You'll want to stash a few of these homemade morsels in the freezer to serve to visitors who drop in unexpectedly. "Just pop a frozen scone in the microwave for 20 seconds or so, and you have a warm treat," suggests Joan Francis of Spring Lake, New Jersey.
"When I made a friend's scone recipe, I didn't have enough milk, so I substituted hazelnut-flavored nondairy creamer and added chocolate chips," relates Elisa Lochridge from Beaverton, Oregon. "Everyone loved them!"
Serve these for breakfast or a brunch. They're also a great after-school snack. They freeze well besides—simply thaw, warm and serve when you need them.
We live in a cherry-producing region—and every guest expects to find some on our table! My husband and I have three children...20,11 and 9.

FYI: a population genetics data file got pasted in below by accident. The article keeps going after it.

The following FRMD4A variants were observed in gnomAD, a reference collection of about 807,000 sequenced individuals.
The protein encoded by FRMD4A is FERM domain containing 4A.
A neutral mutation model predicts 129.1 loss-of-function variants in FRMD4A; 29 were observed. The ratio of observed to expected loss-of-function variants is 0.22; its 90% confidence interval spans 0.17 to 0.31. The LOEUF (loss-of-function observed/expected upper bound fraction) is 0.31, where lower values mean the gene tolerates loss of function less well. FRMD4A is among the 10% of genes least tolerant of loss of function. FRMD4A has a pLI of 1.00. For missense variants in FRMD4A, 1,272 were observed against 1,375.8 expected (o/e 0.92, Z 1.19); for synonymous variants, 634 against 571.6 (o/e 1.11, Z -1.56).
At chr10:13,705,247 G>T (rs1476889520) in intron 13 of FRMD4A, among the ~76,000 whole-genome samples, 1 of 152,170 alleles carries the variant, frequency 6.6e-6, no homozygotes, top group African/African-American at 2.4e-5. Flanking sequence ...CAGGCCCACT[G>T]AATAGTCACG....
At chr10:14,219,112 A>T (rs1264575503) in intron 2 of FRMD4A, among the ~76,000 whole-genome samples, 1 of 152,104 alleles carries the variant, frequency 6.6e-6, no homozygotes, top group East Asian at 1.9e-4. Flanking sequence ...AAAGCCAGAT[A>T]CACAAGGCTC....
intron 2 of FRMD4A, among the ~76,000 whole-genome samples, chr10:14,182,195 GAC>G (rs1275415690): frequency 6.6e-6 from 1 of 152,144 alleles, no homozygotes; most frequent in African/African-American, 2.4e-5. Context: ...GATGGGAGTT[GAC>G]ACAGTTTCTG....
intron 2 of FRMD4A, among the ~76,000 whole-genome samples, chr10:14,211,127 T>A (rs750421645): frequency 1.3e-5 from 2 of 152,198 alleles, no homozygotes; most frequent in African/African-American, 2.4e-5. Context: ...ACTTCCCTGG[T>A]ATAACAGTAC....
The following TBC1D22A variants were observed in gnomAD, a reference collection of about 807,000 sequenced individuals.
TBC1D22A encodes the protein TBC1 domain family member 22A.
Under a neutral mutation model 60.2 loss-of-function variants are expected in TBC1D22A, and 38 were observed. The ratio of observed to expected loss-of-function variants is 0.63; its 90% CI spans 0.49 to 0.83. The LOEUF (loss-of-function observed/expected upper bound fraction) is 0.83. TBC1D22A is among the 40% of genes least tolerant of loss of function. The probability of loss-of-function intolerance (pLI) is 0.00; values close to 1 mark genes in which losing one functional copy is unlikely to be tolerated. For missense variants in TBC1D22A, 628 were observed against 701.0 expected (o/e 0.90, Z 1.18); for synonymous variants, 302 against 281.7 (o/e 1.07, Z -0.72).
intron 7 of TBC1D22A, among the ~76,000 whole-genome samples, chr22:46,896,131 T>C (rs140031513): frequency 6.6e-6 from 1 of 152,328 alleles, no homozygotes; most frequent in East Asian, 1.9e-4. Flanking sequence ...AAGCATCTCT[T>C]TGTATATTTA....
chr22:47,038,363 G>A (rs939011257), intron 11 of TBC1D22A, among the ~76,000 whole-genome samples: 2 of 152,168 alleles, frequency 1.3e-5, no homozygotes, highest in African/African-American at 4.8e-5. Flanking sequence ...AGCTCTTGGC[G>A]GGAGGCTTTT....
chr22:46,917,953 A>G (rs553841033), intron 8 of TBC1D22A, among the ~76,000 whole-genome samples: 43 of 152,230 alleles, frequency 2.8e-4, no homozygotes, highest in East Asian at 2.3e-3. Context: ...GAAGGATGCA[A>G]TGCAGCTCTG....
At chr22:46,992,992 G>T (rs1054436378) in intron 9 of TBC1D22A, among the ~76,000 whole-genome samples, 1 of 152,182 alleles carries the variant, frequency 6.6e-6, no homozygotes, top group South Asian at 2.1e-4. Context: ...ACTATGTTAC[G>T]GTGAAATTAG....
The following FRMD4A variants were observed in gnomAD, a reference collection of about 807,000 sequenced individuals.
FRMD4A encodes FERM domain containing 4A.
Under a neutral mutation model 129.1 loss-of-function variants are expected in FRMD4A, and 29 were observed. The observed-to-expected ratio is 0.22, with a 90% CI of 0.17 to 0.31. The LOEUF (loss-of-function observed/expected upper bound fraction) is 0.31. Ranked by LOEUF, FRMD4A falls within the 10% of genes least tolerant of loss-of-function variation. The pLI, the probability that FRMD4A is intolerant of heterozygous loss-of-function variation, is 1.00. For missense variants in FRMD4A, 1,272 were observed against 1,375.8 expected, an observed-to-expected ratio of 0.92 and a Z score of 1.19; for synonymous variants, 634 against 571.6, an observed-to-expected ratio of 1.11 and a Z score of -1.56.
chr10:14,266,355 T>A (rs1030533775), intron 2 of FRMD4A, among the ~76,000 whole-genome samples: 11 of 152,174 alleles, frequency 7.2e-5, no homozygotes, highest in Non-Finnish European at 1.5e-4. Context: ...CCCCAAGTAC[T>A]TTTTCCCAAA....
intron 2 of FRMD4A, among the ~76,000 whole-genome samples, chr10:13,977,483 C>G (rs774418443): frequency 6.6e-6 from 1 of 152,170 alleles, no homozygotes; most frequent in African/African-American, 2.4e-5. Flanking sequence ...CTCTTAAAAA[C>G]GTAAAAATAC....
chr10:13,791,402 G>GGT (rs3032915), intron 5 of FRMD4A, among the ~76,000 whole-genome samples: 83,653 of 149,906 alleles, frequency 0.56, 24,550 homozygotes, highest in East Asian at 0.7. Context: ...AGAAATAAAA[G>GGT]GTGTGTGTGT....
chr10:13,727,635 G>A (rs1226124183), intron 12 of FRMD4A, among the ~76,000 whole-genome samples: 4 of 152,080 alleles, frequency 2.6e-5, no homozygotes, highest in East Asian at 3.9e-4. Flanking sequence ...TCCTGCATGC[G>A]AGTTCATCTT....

Meet the Cook: I've found you don't need to put butter on these scones...they're delicious plain and simple. I especially enjoy them in the wintertime with hot coffee or tea.
Married for 44 years, we have two grown children and five grandchildren.
-Helen Carpenter, Albuquerque, New Mexico
"These pretty biscuit-like wedges are very moist and flavorful," notes Judie Anglen, Riverton, Wyoming. "They're tasty slathered with butter, honey or jam...or use them as a base for creamed dishes," she suggests.
You'll love the appealing look and delicate texture of these lightly sweet scones. For the best results, work quickly to mix and cut them. The less you handle the dough, the more tender the scones are. They're delightful served warm with homemade lemon curd for breakfast or with a salad for lunch.
-Linda Murray, Allenstown, New Hampshire